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The Haunter of the Dark

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"The Haunter of the Dark"
Short story by H. P. Lovecraft
Title page spread of "The Haunter of the Dark" as it appeared in Weird Tales, December, 1936. Illustration by Virgil Finlay.[1]
Text available at Wikisource
CountryUnited States
Published inWeird Tales
Publication typePeriodical
Media typePrint (magazine)
Publication dateDecember, 1936

"The Haunter of the Dark" is a horror short story by American author H. P. Lovecraft, written between 5–9 November 1935 and published in the December 1936 edition of Weird Tales (Vol. 28, No. 5, p. 538–53). It was the last written of the author's known stories (other than a few collaborations written after it) and is part of the Cthulhu Mythos. The epigraph to the story is the second stanza of Lovecraft's 1917 poem "Nemesis".

The story is a sequel to "The Shambler from the Stars" by Robert Bloch. Bloch wrote a third story in the sequence, "The Shadow from the Steeple", in 1950.



In Providence, Robert Blake, a young writer with an interest in the occult, becomes fascinated by a large disused church on Federal Hill which he can see from his lodgings on the city's east side. His research reveals that the church has a sinister history involving a cult called the Church of Starry Wisdom and is dreaded by the local migrant inhabitants as being haunted by a primordial evil.

Blake enters the church and ascends the tower, where he discovers the skeleton of Edwin M. Lillibridge, a reporter who disappeared in 1893. He also discovers an ancient stone artifact known as the "Shining Trapezohedron" which has the property of being able to summon a terrible being from the depths of time and space. The trapezohedron rests in a metal box with a hinged lid; the box is incised with designs representing living but distinctly alien creatures. The whole sits atop a column which is also incised with alien designs or characters. Blake's interference inadvertently summons the malign being of the title, and he flees the church.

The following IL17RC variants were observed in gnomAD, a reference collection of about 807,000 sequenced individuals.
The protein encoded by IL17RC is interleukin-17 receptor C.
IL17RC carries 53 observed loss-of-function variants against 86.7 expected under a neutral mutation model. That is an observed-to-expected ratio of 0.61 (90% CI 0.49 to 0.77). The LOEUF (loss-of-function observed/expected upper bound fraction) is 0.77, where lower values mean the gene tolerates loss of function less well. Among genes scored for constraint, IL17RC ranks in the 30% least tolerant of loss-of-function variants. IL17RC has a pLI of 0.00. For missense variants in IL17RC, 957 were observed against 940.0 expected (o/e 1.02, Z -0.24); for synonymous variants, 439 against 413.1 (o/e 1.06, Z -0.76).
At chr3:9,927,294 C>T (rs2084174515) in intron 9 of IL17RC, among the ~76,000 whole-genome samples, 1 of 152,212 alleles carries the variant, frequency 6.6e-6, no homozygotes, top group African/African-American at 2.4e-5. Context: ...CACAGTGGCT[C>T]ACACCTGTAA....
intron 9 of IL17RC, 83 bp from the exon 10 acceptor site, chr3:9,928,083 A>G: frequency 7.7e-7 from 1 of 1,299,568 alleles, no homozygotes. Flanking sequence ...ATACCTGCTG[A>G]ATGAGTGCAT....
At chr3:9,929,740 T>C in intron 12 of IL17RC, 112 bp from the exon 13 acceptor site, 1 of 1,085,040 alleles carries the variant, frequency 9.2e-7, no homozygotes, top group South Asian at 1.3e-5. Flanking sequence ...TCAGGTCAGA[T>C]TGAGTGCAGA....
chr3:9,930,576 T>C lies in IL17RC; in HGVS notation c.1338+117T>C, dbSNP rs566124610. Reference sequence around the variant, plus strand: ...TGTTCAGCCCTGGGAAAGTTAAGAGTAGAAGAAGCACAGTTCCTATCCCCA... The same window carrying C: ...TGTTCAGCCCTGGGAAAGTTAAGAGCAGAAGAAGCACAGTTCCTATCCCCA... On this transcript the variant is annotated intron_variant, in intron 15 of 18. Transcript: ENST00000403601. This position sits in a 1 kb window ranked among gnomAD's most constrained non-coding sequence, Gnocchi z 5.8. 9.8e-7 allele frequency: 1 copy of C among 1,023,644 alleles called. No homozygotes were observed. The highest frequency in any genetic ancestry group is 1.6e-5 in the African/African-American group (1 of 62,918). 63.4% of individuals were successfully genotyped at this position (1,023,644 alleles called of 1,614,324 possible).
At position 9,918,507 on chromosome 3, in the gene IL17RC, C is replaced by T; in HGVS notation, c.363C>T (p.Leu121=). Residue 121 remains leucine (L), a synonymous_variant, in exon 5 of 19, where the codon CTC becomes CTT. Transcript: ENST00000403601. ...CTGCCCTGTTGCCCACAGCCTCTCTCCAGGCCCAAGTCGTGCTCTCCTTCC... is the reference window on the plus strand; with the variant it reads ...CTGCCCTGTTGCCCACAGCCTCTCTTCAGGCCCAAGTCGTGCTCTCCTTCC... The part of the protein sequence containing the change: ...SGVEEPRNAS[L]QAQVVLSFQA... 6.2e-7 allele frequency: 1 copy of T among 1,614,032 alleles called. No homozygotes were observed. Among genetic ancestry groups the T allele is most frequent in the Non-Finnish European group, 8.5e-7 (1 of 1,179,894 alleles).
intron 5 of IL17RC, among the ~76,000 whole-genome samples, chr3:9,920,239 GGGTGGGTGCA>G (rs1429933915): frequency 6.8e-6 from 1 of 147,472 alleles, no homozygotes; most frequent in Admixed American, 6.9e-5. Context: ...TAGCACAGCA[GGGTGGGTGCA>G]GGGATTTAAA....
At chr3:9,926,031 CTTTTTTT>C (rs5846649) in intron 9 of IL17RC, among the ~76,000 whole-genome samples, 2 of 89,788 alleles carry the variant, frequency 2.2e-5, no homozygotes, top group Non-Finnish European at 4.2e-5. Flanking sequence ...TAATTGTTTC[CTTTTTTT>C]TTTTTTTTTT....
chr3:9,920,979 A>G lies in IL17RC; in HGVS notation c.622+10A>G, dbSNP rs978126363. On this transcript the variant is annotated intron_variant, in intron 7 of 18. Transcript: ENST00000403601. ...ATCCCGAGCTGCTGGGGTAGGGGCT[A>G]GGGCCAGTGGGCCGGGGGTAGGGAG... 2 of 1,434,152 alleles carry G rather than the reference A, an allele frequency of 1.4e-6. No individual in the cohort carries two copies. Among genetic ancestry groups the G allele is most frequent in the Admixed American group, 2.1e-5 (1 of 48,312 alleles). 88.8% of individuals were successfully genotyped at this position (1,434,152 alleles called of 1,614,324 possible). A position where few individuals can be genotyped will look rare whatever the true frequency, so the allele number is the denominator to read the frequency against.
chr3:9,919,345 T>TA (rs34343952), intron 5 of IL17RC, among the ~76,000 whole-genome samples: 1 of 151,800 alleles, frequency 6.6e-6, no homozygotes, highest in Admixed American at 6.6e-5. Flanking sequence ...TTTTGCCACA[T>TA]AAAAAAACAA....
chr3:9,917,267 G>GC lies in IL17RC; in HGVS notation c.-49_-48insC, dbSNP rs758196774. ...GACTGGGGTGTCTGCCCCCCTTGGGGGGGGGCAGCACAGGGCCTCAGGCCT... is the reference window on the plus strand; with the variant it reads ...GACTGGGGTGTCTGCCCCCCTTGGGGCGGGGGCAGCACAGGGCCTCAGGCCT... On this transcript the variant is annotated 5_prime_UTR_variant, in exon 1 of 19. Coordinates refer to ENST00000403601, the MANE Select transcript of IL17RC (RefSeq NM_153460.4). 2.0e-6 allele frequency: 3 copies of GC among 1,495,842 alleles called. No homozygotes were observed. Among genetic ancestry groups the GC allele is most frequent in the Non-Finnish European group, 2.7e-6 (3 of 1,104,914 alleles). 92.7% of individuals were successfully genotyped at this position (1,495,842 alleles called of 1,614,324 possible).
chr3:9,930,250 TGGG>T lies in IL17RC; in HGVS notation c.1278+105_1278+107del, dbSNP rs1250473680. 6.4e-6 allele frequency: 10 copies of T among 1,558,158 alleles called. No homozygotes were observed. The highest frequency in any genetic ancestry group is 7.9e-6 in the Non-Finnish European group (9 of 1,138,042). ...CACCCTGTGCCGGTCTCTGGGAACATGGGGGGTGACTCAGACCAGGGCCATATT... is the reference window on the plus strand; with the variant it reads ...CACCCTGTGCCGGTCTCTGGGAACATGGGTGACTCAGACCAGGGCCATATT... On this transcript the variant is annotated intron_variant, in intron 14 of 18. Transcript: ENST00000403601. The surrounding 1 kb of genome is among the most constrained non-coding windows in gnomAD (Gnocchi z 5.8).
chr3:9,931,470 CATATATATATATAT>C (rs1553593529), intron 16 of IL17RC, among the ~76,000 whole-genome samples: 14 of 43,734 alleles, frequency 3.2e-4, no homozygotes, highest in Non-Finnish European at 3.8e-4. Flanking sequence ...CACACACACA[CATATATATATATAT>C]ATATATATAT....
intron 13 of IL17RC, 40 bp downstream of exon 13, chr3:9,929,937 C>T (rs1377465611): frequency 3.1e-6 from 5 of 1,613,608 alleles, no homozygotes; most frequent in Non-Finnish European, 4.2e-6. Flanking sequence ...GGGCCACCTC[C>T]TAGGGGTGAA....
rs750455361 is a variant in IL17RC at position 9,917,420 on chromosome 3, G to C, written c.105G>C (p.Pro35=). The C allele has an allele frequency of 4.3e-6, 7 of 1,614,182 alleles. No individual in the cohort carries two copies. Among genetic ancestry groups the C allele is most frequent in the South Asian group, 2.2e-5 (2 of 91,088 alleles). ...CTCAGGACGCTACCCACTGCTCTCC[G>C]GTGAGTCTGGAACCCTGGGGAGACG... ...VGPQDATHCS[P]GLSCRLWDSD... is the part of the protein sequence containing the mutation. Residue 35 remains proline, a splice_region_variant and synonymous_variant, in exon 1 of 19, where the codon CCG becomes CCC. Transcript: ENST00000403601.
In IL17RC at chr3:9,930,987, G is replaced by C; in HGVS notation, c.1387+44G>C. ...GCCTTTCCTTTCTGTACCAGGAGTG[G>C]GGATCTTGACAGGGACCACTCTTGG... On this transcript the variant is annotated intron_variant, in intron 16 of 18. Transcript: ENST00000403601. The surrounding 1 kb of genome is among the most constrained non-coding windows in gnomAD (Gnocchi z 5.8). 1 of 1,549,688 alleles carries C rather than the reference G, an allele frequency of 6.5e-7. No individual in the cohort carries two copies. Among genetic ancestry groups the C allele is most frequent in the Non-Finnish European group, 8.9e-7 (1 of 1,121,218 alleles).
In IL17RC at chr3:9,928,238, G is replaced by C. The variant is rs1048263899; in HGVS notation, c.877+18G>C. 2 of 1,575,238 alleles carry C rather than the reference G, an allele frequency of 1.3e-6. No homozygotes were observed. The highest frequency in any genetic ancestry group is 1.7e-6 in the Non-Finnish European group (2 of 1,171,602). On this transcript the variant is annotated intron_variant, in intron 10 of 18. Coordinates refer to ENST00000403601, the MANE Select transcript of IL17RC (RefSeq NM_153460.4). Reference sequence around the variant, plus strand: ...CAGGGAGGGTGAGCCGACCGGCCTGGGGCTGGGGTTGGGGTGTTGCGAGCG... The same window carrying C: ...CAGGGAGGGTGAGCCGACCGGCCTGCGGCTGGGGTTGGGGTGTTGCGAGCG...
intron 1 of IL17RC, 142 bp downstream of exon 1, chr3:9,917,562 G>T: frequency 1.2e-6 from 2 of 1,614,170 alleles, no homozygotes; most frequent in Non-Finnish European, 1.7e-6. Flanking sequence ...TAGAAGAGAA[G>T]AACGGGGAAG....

The being can only go abroad in darkness, and is hence constrained to the tower at night by the presence of the lights of the city. However, when the city's electrical power is weakened during a thunderstorm, the local people are terrified by the sounds coming from the church and call on their Catholic priests to lead prayers against the demon. Blake, aware of what he has let loose, also prays for the power to remain on. However, an outage occurs and the being flies towards Blake's quarters. He is subsequently found dead, staring out of his window at the church with a look of horror on his face.[N 1] His last words refer to his perception of the approaching being: "I see it-- coming here-- hell-wind-- titan-blur-- black wings-- Yog-Sothoth save me-- the three-lobed burning eye..." His death is put down to a lightning strike, and a superstitious local doctor later removes the box containing the Shining Trapezohedron from the church and throws it into the Narragansett Bay.



Robert Blake

Robert Blake, as imagined by Jarkko Naas

Robert Harrison Blake is a fictional horror writer who first appears, unnamed, in Robert Bloch's 1935 story "The Shambler from the Stars". In Lovecraft's sequel, Blake dies while investigating the Starry Wisdom cult of Enoch Bowen. Lovecraft modeled Blake on Bloch, but also gave him characteristics that evoke Clark Ashton Smith and Lovecraft himself.

Lovecraft indicated in his letters with then-young writer Robert Bloch, that the character Robert Blake was an intentionally thinly veiled gesture at killing off one of his friendly correspondents. In 1936, Bloch published a story that continued the professional fun, in which Blake did not actually die, but was possessed by Nyarlathotep, and kills off a character based on Lovecraft.[3][4][5]

Blake's death is the starting point for another sequel by Bloch, "The Shadow from the Steeple" (1950). Blake's fiction is referred to in Ramsey Campbell's "The Franklyn Paragraphs" (1973) and Philip José Farmer's "The Freshman" (1979).

Lovecraft's tale names five stories written by Robert Blake: "The Burrowers Beneath"; "Shaggai"; "The Stairs in the Crypt"; "In the Vale of Pnath" and "The Feaster from the Stars" which as Robert M. Price has pointed out are friendly spoofs of tales written by Robert Bloch (for more info see Price's anthology The Book of Eibon (Chaosium, 2002, p. 191)). Author Lin Carter wrote stories which are pastiches of either Lovecraft or Clark Ashton Smith utilising all five titles. Shaggai is mentioned in "The Haunter of the Dark" as a planet more distant from Earth than Yuggoth; this may suggest that Blake's writing of a story with that title is a foreshadowing of his mental link with the 'Haunter', which Blake believes to be an avatar of Nyarlathotep.